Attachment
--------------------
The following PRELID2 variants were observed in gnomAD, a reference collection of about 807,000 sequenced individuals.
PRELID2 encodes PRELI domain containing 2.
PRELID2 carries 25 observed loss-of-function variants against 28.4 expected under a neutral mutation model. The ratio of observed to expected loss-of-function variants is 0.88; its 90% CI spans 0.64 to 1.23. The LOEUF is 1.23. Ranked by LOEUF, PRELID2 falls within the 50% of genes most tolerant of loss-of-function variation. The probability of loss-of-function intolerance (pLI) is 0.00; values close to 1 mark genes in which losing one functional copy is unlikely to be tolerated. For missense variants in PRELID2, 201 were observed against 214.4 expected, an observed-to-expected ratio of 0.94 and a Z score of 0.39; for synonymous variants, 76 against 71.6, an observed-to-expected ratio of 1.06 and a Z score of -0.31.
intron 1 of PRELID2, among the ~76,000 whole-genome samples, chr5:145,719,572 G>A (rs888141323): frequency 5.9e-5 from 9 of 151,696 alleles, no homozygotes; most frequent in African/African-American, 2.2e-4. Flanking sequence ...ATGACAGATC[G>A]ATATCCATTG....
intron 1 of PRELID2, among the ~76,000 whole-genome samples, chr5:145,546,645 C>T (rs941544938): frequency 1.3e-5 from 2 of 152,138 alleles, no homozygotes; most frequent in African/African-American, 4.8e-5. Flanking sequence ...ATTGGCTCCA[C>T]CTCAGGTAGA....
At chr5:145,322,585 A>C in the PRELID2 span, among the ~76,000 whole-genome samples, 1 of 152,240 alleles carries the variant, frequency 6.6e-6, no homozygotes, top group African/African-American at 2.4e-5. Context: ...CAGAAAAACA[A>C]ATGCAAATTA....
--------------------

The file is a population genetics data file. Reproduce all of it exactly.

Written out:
The following PRELID2 variants were observed in gnomAD, a reference collection of about 807,000 sequenced individuals.
PRELID2 encodes PRELI domain containing 2.
PRELID2 carries 25 observed loss-of-function variants against 28.4 expected under a neutral mutation model. The ratio of observed to expected loss-of-function variants is 0.88; its 90% CI spans 0.64 to 1.23. The LOEUF is 1.23. Ranked by LOEUF, PRELID2 falls within the 50% of genes most tolerant of loss-of-function variation. The probability of loss-of-function intolerance (pLI) is 0.00; values close to 1 mark genes in which losing one functional copy is unlikely to be tolerated. For missense variants in PRELID2, 201 were observed against 214.4 expected, an observed-to-expected ratio of 0.94 and a Z score of 0.39; for synonymous variants, 76 against 71.6, an observed-to-expected ratio of 1.06 and a Z score of -0.31.
intron 1 of PRELID2, among the ~76,000 whole-genome samples, chr5:145,719,572 G>A (rs888141323): frequency 5.9e-5 from 9 of 151,696 alleles, no homozygotes; most frequent in African/African-American, 2.2e-4. Flanking sequence ...ATGACAGATC[G>A]ATATCCATTG....
intron 1 of PRELID2, among the ~76,000 whole-genome samples, chr5:145,546,645 C>T (rs941544938): frequency 1.3e-5 from 2 of 152,138 alleles, no homozygotes; most frequent in African/African-American, 4.8e-5. Flanking sequence ...ATTGGCTCCA[C>T]CTCAGGTAGA....
At chr5:145,322,585 A>C in the PRELID2 span, among the ~76,000 whole-genome samples, 1 of 152,240 alleles carries the variant, frequency 6.6e-6, no homozygotes, top group African/African-American at 2.4e-5. Context: ...CAGAAAAACA[A>C]ATGCAAATTA....